Running a business can be a bit like juggling. You need the perfect balance of so many things in order to keep all the balls on the air. And as a solopreneur or small business owner, it is usually up to you to keep all the balls moving!
As a certified Project Management Professional, I love all things project management tools. But I especially love Asana because it not only helps you manage your projects, it helps you see all of your responsibilities in a nice, simple list. Or even a kanban board, if that is how your mind works!
The fallacy of business ownership is forgetting that your business is more than just attracting and serving clients. It is also about keeping your business a well-oiled, running machine. Which is why it is important to not only keep on top of your income-producing activities but also the activities that build up your income-producing capabilities.
Everyone has their own way to organize their business, but here are some ways I use Asana to manage my business.
The money is in the follow up! If you aren’t following up with your leads, you are leaving money on the table! I use Dubsado for my client management, so I use Zapier to send new Dubsado leads to my Asana. They get assigned to me to follow up with after a week. Most leads book right away, but I keep track of outstanding leads bond set them as recurring tasks to follow up with every two weeks. I usually follow up for two months or until I get a hard no. My bigger projects usually take follow up and considerable conversations, so I always make notes on the task to note that I followed up and any information that may help me close the sale. Keeping track of your leads and having a simple follow up process ensures you increase your close rate – which means more money in your business!
I have recurring tasks (check email 3x per day, check in with clients weekly, check in with team members weekly, update finances daily) that remind me to build in time each day to do the things I need to stay on top of my business. It is so easy to get focused on projects and client work that you can forget to do the basics. I build in reminders to check in with clients weekly- even if I don’t have official updates. It helps to remind them that they are important, and also heads off any feelings like I am not working on their projects. It also creates an opportunity to make sure projects are on track and I am following up on requests and so on. I can also see if I am missing opportunities to close out projects that are close to finishing that just get lost in the fires of the week. Happy, attended to clients that get their work closed quickly make fantastic referral sources. It also makes it easier to burn through your to-dos and be more efficient.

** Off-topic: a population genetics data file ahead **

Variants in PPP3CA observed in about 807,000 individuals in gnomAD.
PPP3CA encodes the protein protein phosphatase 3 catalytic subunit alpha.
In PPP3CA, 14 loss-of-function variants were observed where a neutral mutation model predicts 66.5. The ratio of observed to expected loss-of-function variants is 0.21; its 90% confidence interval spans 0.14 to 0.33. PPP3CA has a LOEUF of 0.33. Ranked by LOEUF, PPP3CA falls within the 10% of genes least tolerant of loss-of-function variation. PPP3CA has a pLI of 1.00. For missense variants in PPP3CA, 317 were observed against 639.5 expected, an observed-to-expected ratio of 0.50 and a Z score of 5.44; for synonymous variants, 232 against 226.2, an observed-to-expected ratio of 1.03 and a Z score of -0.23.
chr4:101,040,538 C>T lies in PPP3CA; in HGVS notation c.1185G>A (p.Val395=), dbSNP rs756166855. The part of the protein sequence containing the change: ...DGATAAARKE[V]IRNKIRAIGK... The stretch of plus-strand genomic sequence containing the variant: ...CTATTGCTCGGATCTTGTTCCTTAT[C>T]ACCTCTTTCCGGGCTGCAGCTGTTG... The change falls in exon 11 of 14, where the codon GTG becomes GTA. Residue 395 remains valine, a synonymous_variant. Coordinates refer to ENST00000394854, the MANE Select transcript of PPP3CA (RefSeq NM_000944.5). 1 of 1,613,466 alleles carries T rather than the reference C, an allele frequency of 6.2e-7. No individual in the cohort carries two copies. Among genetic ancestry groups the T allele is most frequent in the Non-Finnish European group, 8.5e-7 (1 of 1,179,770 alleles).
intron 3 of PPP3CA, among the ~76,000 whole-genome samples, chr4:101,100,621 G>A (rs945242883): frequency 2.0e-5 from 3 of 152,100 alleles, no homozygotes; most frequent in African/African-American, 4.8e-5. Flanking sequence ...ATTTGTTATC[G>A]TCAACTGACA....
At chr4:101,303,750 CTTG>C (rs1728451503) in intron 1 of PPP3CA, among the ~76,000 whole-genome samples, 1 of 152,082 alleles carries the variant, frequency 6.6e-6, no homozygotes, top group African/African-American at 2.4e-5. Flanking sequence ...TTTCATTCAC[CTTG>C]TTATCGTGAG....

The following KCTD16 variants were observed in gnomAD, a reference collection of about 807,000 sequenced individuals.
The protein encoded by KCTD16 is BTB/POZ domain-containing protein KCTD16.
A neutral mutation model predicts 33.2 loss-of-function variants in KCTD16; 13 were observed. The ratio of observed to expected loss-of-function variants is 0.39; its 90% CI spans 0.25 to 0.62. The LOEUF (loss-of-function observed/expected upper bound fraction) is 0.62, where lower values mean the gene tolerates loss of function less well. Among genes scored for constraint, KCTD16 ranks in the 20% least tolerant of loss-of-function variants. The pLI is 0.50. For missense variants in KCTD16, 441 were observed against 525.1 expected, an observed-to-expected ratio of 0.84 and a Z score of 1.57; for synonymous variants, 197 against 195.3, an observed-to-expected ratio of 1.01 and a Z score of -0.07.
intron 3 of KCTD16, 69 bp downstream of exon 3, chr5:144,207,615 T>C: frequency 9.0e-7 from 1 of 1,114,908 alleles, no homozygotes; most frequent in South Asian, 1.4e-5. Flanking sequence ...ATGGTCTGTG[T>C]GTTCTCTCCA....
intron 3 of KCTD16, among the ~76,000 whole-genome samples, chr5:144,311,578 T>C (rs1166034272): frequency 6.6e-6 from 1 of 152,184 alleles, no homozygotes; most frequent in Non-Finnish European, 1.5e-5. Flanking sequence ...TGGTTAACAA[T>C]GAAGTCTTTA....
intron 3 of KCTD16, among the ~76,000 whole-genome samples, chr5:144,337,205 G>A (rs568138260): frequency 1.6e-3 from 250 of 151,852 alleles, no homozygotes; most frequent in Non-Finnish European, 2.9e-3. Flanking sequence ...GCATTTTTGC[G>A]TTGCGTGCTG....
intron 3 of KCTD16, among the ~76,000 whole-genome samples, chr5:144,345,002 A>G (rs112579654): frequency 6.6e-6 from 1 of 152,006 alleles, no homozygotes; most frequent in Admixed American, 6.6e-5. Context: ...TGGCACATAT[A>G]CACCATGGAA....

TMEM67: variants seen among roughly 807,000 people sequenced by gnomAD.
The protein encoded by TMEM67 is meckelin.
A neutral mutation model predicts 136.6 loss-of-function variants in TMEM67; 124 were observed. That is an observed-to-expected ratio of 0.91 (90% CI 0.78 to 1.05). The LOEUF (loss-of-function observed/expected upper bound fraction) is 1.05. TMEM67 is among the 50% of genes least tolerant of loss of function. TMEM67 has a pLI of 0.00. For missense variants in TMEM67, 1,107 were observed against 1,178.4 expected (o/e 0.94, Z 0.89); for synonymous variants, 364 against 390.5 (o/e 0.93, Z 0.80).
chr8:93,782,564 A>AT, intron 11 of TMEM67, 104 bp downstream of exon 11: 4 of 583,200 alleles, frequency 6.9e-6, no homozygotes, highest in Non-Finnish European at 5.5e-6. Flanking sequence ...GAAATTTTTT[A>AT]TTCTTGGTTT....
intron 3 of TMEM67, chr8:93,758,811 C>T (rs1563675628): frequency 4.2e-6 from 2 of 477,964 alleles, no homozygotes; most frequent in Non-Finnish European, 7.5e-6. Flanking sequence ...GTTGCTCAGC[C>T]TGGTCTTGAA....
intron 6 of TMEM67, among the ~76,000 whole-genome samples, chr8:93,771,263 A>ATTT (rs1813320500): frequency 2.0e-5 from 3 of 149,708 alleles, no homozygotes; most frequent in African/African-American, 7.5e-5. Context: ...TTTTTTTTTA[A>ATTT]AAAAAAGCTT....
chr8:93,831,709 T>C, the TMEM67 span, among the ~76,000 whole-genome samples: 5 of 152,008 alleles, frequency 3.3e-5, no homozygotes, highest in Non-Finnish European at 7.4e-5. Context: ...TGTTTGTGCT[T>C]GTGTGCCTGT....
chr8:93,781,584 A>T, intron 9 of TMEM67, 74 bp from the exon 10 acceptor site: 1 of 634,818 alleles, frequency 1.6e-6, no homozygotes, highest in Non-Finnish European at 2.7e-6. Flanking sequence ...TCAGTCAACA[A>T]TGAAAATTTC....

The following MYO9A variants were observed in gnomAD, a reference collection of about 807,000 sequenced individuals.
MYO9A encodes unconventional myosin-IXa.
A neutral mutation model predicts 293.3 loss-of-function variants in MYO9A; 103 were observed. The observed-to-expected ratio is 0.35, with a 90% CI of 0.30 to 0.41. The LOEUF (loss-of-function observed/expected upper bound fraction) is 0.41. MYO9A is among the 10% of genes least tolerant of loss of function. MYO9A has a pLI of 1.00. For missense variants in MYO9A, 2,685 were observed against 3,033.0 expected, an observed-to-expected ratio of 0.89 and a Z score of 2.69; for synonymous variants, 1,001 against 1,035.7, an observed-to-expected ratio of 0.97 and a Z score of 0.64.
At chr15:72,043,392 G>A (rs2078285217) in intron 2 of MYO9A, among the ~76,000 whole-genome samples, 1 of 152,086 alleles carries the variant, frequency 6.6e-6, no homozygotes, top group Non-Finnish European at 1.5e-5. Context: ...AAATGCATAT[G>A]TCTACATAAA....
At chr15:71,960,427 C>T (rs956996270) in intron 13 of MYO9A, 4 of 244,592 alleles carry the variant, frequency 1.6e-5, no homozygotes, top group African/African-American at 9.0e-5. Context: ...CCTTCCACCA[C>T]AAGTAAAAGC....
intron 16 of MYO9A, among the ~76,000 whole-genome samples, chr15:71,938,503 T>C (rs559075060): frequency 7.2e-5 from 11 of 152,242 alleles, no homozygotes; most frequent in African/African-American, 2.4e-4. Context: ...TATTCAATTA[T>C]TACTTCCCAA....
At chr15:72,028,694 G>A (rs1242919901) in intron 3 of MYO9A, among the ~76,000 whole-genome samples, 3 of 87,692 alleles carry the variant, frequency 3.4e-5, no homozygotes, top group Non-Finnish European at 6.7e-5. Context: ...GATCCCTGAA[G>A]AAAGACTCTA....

I build out my content plan months ahead of time but the specifics take a bit more detail. I create each topic as a new task in Asana. Then I type out the copy and assign a date to it. I can even attach the image I want to use for each post. Social media posting programs are ok, but I am in a lot of groups that I need to manually post in. I even tag which groups/outlets the posts are for. This helps me keep on top of posting (my task list shows what to post each day) and I can also plan out launches with posts and emails. The best thing is that I can recycle content since I know the exact day I posted the content so I can set it as a recurring task for six months or a year from now (especially for evergreen content!). Having my marketing planned out and built into my day just makes it automatic. The more I think about all the things I have to do, the more I get overwhelmed and procrastinate. By batching and scheduling my content makes it easier- and easier to delegate to others!
As I am building out new courses and launching courses, I need to break down big projects into meaningful, bite-sized tasks. I also need to assign tasks to different team members or partners and communicate at the task level. Asana is perfect for this. I am able to have my production assistant manage a task and then assign out sub-tasks to different partners, and they can mark their portion of the tasks complete while the main task is still within the responsibility of my production assistant. I liken it to “Russian Dolls” where tasks nest neatly within larger tasks and they build into a whole project. It is a great way to see at a high level how a project is progressing while also being able to drill down to granular levels to see details efficiently.
I have worked with quite a few agency owners to set up Asana. It is a great tool to keep track of organizational tasks while also managing contractors and their projects. The great thing is that business owners and internal management can keep track of EVERYTHING in one spot by keeping all tasks in one project in the management team (I call this the “Business Headquarters”) but also tagging that same task in the contractor’s project. This means all the details for a client or project stay with the main task, but they can be tagged in multiple projects to have different views or organizational methods based on what needs to be managed or reported on.
This is all just the tip of the iceberg with Asana, but these are just a few of the ways that Asana can help you manage your business – regardless of what size of business you have. I hope these get you excited for all the possibilities for this amazing business tool.
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